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2024: Employment Law Mid-Year Update


2024 has been a busy year for employers operating in Canada. Legislative amendments in Ontario, British Columbia, and the federal jurisdiction have established new obligations for many employers, and there have been significant case law developments dealing with issues such as the enforceability of contractual termination provisions. In this article, we highlight some of the more notable developments in employment and labour law in Canada to date in 2024.

Statutory Changes


Bill 149, Working for Workers Four Act, 2024

On March 21, 2024, Bill 149, Working for Workers Four Act, 2024 received royal assent. Bill 149 is aimed at supporting workers and those applying for jobs in Ontario and includes important amendments to the Employment Standards Act, 2000 (ESA) and other employment-related legislation. The amendments include the following:

  • “Trial” Employees: As of March 21, 2024, the definition of “employee” in the ESA was revised to include individuals completing a “trial period” for an employer. As a result, employees on trial shifts are entitled to the minimum standards prescribed by the ESA, including minimum wage, overtime, and hour of work limits.
  • Vacation Pay: Effective June 21, 2024, a written agreement is required if an employer wishes to pay vacation by any method other than (1) in a lump sum before the employee commences their vacation, or (2) on the pay day for the pay period in which the vacation falls.
  • Job Postings: Effective on a date to be proclaimed by the government, publicly advertised job postings:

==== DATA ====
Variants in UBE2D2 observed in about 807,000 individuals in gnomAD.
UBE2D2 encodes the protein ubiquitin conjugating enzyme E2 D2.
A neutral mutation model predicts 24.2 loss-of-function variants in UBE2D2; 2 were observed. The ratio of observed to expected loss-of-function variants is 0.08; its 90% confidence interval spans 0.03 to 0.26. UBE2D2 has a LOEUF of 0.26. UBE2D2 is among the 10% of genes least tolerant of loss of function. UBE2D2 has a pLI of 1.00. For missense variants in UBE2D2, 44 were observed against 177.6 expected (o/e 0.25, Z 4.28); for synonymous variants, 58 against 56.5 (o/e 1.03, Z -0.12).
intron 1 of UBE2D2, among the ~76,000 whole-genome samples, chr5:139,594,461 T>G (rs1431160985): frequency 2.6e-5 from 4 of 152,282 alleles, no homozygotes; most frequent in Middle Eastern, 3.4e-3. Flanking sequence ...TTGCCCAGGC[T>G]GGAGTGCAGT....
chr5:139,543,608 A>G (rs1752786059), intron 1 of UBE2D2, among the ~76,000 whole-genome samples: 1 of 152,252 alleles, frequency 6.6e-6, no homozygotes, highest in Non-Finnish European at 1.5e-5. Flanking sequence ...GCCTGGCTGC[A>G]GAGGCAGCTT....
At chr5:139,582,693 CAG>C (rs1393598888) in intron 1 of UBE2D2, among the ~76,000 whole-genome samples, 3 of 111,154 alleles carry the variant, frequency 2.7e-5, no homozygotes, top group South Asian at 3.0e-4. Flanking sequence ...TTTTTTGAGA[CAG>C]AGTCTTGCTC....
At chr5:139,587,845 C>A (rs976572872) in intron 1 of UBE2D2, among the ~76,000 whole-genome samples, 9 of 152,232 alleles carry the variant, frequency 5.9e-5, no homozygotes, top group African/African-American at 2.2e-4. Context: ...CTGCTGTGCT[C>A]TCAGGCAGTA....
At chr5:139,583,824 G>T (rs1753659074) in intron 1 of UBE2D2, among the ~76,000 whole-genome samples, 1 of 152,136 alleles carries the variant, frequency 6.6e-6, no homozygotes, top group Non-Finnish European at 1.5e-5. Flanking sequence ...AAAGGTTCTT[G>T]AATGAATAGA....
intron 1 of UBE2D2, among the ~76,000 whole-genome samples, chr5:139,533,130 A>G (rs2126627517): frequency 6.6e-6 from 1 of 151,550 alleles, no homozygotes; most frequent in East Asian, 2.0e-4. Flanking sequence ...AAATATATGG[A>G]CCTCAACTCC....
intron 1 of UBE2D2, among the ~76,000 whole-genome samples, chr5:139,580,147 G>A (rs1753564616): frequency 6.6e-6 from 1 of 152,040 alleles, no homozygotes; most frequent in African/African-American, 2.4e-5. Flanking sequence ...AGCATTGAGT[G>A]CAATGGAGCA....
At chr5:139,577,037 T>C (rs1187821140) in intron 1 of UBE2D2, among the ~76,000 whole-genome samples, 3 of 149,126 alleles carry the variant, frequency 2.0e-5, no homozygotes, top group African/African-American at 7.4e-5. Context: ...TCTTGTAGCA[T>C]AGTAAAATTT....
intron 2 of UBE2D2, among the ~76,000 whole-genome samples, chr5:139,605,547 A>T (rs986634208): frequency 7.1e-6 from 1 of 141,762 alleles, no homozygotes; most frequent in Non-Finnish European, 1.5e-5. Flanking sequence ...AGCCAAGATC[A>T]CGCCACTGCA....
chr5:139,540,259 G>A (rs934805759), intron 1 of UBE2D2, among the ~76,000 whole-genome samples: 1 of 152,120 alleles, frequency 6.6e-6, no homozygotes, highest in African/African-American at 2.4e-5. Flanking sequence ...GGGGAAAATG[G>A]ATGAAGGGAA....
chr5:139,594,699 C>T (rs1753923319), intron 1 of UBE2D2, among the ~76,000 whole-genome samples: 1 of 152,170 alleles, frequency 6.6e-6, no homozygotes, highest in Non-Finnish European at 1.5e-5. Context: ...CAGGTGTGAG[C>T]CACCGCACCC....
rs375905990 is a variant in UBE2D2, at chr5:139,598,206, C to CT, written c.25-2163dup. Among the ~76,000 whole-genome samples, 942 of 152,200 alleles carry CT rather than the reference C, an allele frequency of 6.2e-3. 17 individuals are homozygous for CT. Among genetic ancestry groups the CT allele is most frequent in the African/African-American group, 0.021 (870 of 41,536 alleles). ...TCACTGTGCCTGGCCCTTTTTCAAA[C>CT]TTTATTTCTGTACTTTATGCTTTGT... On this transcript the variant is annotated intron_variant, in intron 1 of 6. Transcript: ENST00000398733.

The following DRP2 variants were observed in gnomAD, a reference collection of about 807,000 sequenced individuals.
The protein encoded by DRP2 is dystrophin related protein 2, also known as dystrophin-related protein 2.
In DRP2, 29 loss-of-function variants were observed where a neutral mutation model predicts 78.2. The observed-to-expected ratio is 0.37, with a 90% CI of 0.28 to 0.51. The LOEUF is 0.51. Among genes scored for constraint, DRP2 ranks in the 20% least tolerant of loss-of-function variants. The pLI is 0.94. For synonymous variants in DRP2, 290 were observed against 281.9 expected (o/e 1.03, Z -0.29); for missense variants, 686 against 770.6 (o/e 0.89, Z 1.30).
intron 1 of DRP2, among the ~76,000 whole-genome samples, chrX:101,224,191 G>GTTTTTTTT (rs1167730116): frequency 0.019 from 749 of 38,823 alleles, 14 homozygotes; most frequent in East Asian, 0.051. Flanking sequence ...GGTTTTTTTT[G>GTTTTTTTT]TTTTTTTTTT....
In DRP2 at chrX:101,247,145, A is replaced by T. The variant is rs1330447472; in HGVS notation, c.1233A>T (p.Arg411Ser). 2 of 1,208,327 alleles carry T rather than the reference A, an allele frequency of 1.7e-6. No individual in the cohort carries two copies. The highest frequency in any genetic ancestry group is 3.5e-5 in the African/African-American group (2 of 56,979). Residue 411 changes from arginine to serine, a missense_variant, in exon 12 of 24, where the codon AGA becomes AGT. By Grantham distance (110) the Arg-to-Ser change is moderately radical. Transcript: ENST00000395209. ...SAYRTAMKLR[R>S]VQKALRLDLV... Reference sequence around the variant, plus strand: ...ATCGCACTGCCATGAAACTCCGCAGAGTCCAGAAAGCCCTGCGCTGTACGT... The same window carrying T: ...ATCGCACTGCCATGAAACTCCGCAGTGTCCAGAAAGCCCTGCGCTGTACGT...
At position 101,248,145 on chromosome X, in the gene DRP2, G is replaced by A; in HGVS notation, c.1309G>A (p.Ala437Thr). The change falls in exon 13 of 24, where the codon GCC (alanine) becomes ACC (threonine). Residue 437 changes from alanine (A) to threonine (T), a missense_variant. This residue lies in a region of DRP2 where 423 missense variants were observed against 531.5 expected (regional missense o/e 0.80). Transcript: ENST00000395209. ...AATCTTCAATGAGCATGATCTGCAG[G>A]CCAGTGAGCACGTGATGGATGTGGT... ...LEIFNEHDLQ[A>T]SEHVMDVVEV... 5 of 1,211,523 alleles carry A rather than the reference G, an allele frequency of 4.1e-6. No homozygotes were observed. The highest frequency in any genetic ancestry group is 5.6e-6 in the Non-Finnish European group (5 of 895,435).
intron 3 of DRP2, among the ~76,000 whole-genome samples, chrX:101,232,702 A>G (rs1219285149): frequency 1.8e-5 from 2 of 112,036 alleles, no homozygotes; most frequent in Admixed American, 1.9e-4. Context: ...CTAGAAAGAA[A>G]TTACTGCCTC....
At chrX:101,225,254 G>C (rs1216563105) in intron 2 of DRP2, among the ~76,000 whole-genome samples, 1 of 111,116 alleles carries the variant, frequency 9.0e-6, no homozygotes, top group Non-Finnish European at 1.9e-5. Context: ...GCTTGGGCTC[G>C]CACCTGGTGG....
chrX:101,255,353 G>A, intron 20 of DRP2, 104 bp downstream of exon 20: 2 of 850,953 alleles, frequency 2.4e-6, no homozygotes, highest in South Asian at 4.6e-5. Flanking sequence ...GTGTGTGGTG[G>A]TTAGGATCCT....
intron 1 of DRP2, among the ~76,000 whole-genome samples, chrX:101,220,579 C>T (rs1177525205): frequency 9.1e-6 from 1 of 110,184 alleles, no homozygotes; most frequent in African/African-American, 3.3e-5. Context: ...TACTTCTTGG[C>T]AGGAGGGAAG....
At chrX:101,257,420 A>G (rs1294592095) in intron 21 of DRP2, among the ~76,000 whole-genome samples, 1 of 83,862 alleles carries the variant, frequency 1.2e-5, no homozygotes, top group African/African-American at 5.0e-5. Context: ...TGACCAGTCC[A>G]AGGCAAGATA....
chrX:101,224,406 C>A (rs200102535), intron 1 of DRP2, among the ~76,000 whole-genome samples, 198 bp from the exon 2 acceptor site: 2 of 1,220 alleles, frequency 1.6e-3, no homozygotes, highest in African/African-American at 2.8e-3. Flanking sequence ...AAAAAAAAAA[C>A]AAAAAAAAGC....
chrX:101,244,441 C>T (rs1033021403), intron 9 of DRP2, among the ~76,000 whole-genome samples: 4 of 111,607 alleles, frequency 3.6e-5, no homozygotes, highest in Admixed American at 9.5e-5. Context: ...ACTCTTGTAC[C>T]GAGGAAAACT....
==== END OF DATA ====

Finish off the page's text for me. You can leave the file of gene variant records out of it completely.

• must include information about expected compensation or the range of expected compensation for the position;
    • must disclose the use of artificial intelligence in the hiring process (including in screening, assessing, and selecting applicants); and
    • must not include job requirements related to “Canadian experience” in the application process. This prohibition applies to associated job applications as well.

Bill 190, Working for Workers Five Act, 2024

On May 16, 2024, Bill 190, Working for Workers Five Act, 2024 received its second reading. If passed, Bill 190 would amend the ESA, the Occupational Health and Safety Act (OHSA), and the Workplace Safety & Insurance Act to further strengthen workplace protections for workers in Ontario. Some of the more noteworthy proposed changes include:

  • Amending the OHSA to expressly extend the application of such legislation to private residences where telework is performed;
  • Modernizing the definition of harassment under the OHSA to include protection against virtual harassment, including virtual sexual harassment;
  • Amending the ESA to require employers to disclose in publicly advertised job postings whether a job posting is for an existing vacancy, and to respond to job applicants that they interviewed for publicly advertised job postings within a prescribed period;
  • Doubling the maximum fine for individuals convicted of violating the ESA from $50,000 to $100,000, which would be the highest fine in Canada; and
  • Prohibiting employers from requesting that employees produce a doctor’s note to substantiate their entitlement to ESA sick leave.

Currently, the government is inviting feedback on Bill 190 and has set a deadline of June 10, 2024 for the submission of comments. For more information on Bill 190, please see our prior commentary available here.

Minimum Wage Increases

Effective October 1, 2024, Ontario will be increasing the minimum wage from $16.55 per hour to $17.20. This 3.9 per cent annualized wage increase is based on the Ontario Consumer Price Index and brings Ontario’s minimum wage to the second highest in Canada.

British Columbia

Minimum Wage Increases

On March 14, 2024, Bill 2: Employment Standards Amendment Act, 2024 received royal assent. Bill 2 amends the British Columbia Employment Standards Act by imposing automatic annual increases to minimum wage that are commensurate with inflation on June 1 of each year. The first wage increase pursuant to Bill 2 will occur on June 1, 2024, when British Columbia’s minimum wage will increase from $16.75 per hour to $17.40 per hour.